The Irish labour force has already proved itself adaptable and flexible. The decline in unit labour costs has exceeded the decrease in consumer prices, producer prices and GDP by 11.2% between 2008 and 2010. In manufacturing, the real effective exchange rate is expected to be down 20% between 2008 and 2011. Lower paid manual and craft jobs have been hardest hit by the reduction in gross earnings of -9.75% between the end of 2008 and the start of 2010.

The Government's strategy is to use supply side solutions such as cutting social welfare benefits and the national minimum wage to address a demand-led problem in a slumping economy. This is an illogical, incompetent and bogus argument for those who rely on the minimum wage.

I am pleased to have the opportunity to conclude this debate on behalf of the Labour Party. As the party's president, I am proud it put down this motion defending those on the minimum wage. The Labour Party has also made it clear that when it enters government, the order to reduce the minimum wage will be rescinded. I pay tribute to my colleague, Deputy Penrose, who prepared a researched alternative proposal to reducing the minimum wage. I thank Members of Fine Gael, Sinn Féin and the Technical Group for the support they have given to this Labour Party motion.

There have been some excellent speeches on this motion. I thank all my comrades in the Labour Party for the different views they have presented. No one disagrees the economy has been brought to a point of near destruction by a small group of unscrupulous people in the banking sector. The economy could actually be saved in a relatively short time, irrespective of the Government's proposals, if it were just about deficit.

Since November 2008 and the banking guarantee, however, the consequences of the actions of a small group of bankers, fewer than 100, were joined to the problems of the economy. This is the small group of people who sat on each other's remuneration committees, several of whom were members of five different boards. This group really brought this economy and society to its knees. Now, we see these very same people swanning around the Continent with relative impunity. May that impunity soon come to an end.

The Government repeats a series of allegations and assertions about the minimum wage that are simply untrue. It claims Ireland has the highest minimum wage rate in Europe. It does not. In fact, it is between the sixth and ninth highest minimum wage in the EU. If child care and housing provision, for example, were factored into it, one would find the rate was further down the European ladder. Neither is there any connection between reducing the minimum wage and decreases in unemployment. Reducing the income of those on the minimum wage and taking €150 million out of the economy will actually have a deflationary effect which will, as a consequence, lead to further job losses.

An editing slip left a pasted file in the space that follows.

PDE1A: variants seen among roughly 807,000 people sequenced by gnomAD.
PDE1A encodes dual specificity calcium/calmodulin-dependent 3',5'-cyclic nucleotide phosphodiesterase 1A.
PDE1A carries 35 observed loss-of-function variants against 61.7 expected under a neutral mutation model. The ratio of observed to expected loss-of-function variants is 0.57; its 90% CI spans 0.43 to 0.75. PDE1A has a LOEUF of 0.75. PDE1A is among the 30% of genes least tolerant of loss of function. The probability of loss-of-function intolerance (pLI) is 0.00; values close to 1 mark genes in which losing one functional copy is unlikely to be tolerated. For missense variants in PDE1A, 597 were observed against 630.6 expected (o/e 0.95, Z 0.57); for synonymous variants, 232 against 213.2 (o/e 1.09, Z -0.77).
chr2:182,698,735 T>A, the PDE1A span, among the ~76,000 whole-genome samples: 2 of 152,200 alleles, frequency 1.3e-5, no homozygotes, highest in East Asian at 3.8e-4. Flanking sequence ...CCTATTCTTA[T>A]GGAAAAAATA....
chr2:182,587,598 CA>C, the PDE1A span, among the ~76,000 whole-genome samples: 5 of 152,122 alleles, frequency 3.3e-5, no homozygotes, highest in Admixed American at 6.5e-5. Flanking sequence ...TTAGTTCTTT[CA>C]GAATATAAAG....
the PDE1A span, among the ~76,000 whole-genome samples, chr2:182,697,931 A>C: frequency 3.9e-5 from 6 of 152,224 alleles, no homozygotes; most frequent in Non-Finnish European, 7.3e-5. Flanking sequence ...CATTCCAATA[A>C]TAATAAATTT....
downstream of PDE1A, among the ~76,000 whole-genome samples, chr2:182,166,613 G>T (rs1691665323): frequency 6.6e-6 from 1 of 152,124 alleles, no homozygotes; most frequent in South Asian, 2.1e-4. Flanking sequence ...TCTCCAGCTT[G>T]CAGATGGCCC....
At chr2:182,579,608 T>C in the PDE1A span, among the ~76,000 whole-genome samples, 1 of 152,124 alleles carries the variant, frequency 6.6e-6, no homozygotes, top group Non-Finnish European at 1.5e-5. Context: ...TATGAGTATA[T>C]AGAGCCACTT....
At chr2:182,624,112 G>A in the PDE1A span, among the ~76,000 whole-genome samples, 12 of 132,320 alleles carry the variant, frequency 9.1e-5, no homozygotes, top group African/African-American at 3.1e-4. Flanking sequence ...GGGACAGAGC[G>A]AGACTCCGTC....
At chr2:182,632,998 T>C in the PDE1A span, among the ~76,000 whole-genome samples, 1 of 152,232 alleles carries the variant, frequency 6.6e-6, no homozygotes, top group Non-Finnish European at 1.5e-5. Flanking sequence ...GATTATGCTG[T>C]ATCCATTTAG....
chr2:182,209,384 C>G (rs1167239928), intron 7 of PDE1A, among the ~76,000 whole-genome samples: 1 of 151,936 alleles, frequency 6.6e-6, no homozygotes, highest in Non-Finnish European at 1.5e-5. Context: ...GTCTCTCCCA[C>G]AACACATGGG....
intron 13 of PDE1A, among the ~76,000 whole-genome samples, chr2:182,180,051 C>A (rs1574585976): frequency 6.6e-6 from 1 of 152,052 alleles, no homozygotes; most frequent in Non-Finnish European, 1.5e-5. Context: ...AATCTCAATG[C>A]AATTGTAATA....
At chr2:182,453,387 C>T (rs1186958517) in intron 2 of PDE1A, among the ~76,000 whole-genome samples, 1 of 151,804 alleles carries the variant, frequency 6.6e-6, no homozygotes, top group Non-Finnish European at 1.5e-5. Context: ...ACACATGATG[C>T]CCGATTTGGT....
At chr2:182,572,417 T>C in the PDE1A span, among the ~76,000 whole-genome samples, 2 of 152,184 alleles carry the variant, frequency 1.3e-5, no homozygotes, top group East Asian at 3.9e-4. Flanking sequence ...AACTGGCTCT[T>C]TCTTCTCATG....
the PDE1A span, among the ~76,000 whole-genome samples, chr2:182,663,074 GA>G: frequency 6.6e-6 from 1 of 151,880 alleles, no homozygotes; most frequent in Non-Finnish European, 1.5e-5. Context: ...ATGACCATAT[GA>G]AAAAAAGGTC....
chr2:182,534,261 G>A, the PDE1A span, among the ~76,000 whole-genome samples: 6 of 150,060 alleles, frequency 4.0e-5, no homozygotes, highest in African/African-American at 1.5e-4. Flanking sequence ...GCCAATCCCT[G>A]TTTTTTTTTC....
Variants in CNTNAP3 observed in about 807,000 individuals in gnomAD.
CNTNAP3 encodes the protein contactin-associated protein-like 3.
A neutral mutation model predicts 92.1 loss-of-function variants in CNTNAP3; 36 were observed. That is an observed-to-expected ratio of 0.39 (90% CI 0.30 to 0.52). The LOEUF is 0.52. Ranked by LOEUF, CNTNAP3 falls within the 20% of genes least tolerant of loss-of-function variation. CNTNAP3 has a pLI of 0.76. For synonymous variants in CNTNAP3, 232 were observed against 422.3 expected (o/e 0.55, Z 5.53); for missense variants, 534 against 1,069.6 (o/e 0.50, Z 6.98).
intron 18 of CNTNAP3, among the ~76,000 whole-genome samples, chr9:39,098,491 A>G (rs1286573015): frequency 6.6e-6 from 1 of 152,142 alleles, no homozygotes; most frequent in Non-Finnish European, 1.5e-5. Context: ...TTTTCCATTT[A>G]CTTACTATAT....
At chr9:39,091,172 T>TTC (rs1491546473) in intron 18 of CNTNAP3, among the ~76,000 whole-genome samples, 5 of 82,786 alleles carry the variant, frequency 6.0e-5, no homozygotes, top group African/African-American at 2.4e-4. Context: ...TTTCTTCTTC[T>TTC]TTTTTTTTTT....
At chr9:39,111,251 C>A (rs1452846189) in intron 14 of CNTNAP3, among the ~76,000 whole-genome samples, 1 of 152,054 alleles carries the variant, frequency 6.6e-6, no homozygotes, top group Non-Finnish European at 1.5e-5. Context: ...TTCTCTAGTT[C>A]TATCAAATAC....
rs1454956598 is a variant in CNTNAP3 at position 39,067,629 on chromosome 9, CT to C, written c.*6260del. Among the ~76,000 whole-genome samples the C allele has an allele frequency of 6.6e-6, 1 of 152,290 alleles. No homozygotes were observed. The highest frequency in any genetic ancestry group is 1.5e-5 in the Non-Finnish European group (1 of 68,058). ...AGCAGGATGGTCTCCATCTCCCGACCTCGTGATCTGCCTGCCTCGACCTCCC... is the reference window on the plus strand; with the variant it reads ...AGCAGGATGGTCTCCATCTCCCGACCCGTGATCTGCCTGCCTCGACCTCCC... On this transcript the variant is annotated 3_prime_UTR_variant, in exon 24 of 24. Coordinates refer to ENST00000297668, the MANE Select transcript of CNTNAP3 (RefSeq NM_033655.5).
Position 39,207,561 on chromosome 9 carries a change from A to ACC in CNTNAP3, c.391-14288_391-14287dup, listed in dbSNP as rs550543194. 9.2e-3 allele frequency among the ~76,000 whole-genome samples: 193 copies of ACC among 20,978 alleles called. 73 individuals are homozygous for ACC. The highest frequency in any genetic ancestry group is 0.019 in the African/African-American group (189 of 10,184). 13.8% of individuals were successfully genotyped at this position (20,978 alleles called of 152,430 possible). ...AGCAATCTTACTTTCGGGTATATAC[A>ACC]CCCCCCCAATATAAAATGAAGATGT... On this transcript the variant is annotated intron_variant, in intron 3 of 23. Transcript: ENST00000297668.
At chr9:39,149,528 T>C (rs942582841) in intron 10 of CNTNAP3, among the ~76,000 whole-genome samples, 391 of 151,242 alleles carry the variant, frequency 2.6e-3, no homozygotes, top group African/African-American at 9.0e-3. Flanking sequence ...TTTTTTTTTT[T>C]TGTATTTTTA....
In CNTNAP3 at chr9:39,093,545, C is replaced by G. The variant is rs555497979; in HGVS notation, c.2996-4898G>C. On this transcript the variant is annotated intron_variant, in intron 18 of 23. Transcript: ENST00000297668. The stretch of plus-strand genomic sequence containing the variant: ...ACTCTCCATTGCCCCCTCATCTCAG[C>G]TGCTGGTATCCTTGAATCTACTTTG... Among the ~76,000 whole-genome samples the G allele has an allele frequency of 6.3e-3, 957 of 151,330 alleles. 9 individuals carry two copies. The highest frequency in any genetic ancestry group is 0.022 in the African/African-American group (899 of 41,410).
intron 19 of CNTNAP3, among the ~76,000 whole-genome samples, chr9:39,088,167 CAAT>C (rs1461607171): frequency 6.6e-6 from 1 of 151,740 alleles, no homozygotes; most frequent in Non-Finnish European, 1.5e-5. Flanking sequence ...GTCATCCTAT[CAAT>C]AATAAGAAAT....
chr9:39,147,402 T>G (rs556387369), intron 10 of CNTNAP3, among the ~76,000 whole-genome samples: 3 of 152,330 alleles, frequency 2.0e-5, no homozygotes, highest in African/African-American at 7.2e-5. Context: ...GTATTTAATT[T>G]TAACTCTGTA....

Those on the minimum wage know where every cent goes and are forced to spend their income not on luxuries but to survive. On the other hand, those at the very top, on whom Fianna Fáil and the Greens refuse to put a higher separate tax rate, do not spend all their income to survive. They are the ones who enjoyed the €11 billion in tax escapes for the past several years. Why will the Government not start there?

I am most attracted to the concept of the social floor. We regularly insult language by saying we live in a Republic. We do not. If we had any version of citizenship, there would be a social floor for health and housing for example, a threshold below which no citizen would be allowed to fall. Amartya Sen, the Nobel laureate in economics, claims the test of one's citizenship is one's ability to participate in society without shame. The minimum wage is about the right of people to go about the ordinary things one should be able to do in a free and decent society, be it education, health or housing. Those who cut the income of those on the minimum wage are visiting poverty on those earners and their children. That is a disgrace. Words are like ashes in their mouths when they say "treat all the children of the nation equally". How can a mother on the minimum wage treat her child the same as everyone else when she loses €40 a week out of her basic wage of just over €300.

Who are those on the minimum wage? Up to 60% are women working in the hospitality and retail sector. Many of them are migrants, the very people we have humiliated enough already. They are also caught in that grey and dark area of the home-care industry.